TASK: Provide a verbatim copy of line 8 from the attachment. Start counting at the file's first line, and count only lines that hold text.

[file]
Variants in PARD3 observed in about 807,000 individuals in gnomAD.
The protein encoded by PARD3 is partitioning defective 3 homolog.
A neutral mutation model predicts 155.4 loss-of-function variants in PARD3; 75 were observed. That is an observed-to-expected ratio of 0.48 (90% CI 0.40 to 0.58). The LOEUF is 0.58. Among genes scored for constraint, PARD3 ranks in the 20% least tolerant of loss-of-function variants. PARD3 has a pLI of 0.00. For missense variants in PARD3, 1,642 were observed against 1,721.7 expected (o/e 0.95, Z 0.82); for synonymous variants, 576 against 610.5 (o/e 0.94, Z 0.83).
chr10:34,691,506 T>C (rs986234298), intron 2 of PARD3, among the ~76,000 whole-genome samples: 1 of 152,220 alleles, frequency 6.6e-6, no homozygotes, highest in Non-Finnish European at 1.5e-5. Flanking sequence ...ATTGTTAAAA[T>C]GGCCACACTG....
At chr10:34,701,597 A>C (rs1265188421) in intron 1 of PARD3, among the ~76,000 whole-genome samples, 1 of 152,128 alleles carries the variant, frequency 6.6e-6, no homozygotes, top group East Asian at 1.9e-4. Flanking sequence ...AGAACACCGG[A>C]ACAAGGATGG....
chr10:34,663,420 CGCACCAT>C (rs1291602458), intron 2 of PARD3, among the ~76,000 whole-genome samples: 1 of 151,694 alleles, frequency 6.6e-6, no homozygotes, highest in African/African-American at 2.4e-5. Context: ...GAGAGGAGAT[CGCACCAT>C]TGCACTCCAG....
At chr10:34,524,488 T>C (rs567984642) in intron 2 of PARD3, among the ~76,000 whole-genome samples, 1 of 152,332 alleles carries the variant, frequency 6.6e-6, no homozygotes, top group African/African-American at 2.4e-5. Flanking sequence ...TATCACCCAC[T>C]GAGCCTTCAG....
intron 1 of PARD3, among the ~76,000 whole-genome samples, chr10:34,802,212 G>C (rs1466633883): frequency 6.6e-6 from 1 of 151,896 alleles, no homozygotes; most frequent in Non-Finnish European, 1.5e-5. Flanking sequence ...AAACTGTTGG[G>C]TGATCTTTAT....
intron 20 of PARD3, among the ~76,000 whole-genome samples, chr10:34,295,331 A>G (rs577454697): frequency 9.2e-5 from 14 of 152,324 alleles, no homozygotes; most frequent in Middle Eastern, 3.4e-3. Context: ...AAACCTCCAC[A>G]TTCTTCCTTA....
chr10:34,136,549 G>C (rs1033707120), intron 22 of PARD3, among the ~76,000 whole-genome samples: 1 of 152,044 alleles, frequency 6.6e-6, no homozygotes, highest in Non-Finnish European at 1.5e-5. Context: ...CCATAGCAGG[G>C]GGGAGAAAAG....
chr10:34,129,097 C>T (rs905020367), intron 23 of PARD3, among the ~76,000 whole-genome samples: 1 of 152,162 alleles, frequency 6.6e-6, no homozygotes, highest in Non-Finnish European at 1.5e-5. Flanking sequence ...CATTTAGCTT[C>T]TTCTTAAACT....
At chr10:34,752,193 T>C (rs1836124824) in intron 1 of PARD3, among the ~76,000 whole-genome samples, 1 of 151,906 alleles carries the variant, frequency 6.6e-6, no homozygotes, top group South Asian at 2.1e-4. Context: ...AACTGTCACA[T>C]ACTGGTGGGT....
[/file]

intron 1 of PARD3, among the ~76,000 whole-genome samples, chr10:34,802,212 G>C (rs1466633883): frequency 6.6e-6 from 1 of 151,896 alleles, no homozygotes; most frequent in Non-Finnish European, 1.5e-5. Flanking sequence ...AAACTGTTGG[G>C]TGATCTTTAT....